2017 MLB Rules Changes

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The most notable of the new rule changes is the addition of no-pitch intentional walks, which caused a bit of controversy when it initially was announced a few weeks ago. The new rule allows opposing managers to signal that they would like to issue the intentional walk, bypassing the tradition of the catcher standing up and calling for four balls.

The no-pitch walk removes some potential chaos from the game, eliminating the possibility of a wild pitch or the opportunity for a batter to swing on a pitch that strays too close to the plate, but Commissioner Rob Manfred and MLB felt that was a small price to pay for speeding up the game.

MLBís replay system will also be affected by the changes, with the first giving a manager 30 seconds after the play to call for a replay from the dugout, forcing them to make quicker decisions on whether or not they believe the umpire made the correct call.

The second change to the replay rule will allow managers to make challenges up through the seventh inning, which is an inning longer than previously allowed. There will also be a two-minute guideline for making decisions on the replays, which means fewer 10-minute delays of games, although there might be an increase of incorrectly reviewed plays.

MLB also addressed the controversy that arose after the Mets accused the Dodgers of using lasers to mark the field for defensive positioning last season. All markings on the field that are to be used for defensive positioning are now banned, including using paint or lasers to make marks in the outfield.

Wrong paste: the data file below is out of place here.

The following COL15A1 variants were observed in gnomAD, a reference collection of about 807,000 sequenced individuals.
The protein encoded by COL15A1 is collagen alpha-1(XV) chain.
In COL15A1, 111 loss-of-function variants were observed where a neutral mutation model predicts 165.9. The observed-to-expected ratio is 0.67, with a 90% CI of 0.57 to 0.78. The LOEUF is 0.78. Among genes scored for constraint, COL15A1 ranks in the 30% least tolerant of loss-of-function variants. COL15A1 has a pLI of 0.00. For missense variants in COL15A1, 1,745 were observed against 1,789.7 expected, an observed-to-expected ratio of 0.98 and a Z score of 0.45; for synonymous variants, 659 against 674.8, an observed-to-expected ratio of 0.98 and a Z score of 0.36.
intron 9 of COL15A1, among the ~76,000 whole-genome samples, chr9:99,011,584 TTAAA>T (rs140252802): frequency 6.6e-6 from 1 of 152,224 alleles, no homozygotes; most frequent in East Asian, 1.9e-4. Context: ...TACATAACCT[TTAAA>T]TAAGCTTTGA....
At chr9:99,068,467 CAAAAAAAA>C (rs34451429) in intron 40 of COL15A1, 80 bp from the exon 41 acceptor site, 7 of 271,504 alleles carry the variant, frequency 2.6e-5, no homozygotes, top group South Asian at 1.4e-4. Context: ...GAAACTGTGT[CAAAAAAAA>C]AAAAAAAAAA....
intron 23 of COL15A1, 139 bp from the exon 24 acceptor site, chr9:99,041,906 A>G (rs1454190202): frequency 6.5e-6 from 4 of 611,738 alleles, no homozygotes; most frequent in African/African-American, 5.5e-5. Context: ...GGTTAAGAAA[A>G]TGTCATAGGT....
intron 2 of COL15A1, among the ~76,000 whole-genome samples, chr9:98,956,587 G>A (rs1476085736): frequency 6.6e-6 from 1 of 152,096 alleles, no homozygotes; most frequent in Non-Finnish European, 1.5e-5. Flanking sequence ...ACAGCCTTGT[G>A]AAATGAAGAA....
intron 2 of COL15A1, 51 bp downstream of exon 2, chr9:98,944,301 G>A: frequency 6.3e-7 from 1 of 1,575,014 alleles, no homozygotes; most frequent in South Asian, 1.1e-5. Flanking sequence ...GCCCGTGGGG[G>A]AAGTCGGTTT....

One of the announced rules seems to be targeting Padres reliever Carter Capps, whose new delivery was unveiled by the team on Twitter in slow motion last month. Cappsí delivery has long been controversial, and the new rule prohibits pitchers from shifting or lifting their pivot foot during a pitch. If a pitcher does so with a runner on base then the delivery will be charged as a balk. If the bases are empty it will go down as an illegal pitch and be called a ball.

Finally, third-base coaches will be required to stay in the third-base coach's box before every pitch, refining a rule that was already on the books, but rarely enforced. Coaches will still be allowed to run down the line to scream at runners during the play, as long as they do not interfere with the on-field action.


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